For 40 years, medical experts have been telling us that fat in a dietary evil. Cholesterol is the most undoubtedly demonized nutritional substance, but the fats come in second place. But the fervor over fat is not appropriate for the monounsaturated fatty acids. Here are the basics of what you need to know.
- Fats are hydrocarbons.
- Fats are classified in terms of saturation.
- Monounsaturated fatty acids are found in many plant oils.
- Monounsaturated fatty acids are essential to human life.
- Plant sources of monounsaturated fatty acids are healthier in the diet, but not for the reason you might think. There's nothing inherently unhealthy about monounsaturated fatty acids in animal fat. Fat in food doesn't necessarily wind up as fat in the bloodstream.
Every kind of fat is a chemical combination of carbon, hydrogen, and oxygen. Even the "bad" fats can be used for energy, and various kinds of fat are essential -you've probably noticed the term "essential" used to describe omega-3 and omega-6 fatty acids-to health.
If you could look through an extraordinarily powerful electron microscope at a single molecule of fat, you would see a chain of carbon atoms attached to each other and branching off to attach themselves to oxygen and hydrogen. Every carbon atom can share one electron with a neighboring carbon atom, or two, through a single bond, or a double bond.
When all the carbon bonds are one shared electron, or single bonds, the fatty acid is said to be saturated. When at least one of the bonds between carbon atoms is made by two shared electrons, or a double bond, the fatty acid is said to be unsaturated.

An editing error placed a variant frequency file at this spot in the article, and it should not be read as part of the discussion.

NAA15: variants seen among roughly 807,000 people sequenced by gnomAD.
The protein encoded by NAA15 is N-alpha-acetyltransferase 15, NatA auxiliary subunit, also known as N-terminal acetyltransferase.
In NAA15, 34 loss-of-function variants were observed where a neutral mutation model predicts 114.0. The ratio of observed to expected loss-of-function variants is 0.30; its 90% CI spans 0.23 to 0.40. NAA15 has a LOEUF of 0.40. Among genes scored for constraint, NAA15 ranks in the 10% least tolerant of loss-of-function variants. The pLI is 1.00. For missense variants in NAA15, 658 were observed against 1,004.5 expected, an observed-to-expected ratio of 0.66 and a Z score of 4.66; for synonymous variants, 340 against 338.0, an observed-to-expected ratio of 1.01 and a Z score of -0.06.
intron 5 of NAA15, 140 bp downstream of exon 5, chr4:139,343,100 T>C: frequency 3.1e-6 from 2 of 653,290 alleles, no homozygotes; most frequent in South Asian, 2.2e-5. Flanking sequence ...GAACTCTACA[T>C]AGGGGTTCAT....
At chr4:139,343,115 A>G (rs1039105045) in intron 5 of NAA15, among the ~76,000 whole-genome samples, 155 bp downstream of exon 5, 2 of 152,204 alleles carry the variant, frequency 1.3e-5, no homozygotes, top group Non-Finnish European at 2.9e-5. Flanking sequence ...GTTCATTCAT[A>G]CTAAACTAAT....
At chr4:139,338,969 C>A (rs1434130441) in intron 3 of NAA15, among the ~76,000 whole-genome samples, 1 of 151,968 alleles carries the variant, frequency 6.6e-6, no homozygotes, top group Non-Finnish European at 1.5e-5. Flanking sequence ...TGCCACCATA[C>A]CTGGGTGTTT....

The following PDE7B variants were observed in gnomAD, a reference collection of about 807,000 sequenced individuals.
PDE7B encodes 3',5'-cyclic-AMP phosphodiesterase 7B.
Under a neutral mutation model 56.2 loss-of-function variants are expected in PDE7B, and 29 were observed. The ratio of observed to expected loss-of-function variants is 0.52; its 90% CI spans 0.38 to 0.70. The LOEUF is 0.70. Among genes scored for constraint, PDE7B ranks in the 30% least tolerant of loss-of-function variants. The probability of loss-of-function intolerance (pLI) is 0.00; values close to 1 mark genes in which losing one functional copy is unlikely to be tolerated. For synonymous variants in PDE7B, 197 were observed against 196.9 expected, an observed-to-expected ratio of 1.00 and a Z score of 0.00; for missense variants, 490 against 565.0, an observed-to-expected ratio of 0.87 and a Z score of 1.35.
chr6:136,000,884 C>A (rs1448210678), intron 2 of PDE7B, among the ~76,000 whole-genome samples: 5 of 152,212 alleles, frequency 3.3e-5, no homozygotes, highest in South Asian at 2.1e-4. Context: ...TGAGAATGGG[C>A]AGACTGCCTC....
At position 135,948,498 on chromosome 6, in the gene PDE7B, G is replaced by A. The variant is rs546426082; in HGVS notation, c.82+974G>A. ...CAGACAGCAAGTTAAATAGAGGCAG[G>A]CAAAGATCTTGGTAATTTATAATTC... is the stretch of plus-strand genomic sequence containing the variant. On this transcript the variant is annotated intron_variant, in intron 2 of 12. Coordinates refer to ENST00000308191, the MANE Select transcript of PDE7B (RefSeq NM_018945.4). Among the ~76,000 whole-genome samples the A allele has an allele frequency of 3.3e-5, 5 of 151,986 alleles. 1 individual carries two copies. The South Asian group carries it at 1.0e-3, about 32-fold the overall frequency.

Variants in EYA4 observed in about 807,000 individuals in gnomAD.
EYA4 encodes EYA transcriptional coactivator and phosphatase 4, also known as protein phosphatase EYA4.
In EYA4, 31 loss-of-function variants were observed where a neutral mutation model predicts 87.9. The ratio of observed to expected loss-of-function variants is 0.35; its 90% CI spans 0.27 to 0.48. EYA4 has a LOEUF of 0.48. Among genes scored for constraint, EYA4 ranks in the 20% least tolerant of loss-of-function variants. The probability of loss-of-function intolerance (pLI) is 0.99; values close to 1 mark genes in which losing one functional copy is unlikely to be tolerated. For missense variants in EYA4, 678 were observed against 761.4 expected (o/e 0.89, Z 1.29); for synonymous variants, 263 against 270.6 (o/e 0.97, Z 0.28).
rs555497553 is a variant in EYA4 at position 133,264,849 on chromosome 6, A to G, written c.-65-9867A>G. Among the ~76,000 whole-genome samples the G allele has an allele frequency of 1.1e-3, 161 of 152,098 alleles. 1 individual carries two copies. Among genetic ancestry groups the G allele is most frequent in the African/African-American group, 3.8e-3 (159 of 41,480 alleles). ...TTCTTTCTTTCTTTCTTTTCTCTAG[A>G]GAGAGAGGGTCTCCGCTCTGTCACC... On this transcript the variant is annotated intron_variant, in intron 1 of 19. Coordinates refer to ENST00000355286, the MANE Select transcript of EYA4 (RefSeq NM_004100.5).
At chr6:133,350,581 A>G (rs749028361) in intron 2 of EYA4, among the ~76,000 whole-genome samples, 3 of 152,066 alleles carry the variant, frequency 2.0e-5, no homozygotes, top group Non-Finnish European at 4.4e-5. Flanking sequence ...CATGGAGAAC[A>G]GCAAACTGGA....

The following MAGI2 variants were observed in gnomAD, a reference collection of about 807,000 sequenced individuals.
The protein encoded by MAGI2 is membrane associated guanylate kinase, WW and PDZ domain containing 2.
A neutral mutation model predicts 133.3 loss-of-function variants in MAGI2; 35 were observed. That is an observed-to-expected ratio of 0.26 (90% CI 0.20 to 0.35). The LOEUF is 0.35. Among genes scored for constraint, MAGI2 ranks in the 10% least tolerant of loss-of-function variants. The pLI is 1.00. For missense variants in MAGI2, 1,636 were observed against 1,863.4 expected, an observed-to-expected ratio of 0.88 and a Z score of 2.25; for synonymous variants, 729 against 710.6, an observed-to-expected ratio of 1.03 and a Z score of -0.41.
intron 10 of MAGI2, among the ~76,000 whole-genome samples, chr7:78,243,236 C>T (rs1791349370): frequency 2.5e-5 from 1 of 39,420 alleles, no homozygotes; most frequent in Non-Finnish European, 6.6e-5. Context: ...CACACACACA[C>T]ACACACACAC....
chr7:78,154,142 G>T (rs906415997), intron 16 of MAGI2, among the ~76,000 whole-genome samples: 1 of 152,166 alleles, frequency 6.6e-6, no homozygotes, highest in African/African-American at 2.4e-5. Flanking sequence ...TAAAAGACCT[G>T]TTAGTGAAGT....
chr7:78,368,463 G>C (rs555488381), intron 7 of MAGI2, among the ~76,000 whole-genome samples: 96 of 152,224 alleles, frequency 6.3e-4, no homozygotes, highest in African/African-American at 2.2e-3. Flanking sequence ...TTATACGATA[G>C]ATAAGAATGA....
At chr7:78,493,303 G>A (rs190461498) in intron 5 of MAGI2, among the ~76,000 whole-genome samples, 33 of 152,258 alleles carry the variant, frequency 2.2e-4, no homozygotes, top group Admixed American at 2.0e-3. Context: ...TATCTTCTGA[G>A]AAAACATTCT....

A monounsaturated fatty acid has just one double bond between carbon atoms. Polyunsaturated fatty acids have multiple double bonds.
Monounsaturated fatty acids foods include olive oil, sesame seed oil, sunflower oil, corn oil, peanut oil, and avocado oil, but they don't make up 100% of the oil. Olive oil, for example, is about 75% monounsaturated fat, and corn oil is a little less than 60% monounsaturated fat. There are also smaller amounts of monounsaturated fatty acids in meat.
It's easy to forget that blood is mostly water. The contents of cells would simply melt away if cells weren't coated with a membrane, a kind of "rain coat," that is about 50% monounsaturated fat. It would not be possible to absorb vitamins A, D, E, or K, or calcium from food with monounsaturated fat, and monounsaturated fat is a great energy source.
In the modern world, however, livestock are shot up with antibiotics and fed feed that can be contaminated with petroleum byproducts and heavy metals. The toxins in the animal feed wind up in the fat. Even animals that are grass-fed consume dioxins left on plants by acid rain.
So what is the answer?
You should only eat the "cleanest" animal product you can afford. Organic or grass-fed or free-range meats are better, but it doesn't do any good to spend your whole food budget on meat.
You can also eat a vegan diet with appropriate fatty acid and vitamin supplements. Just be sure to get less of the omega-6 essential fatty acids (which, though essential, are usually consumed in excess) and enough of the omega-3's, from fish oil or vegan sources. (See also Vegetarian Fatty Acids)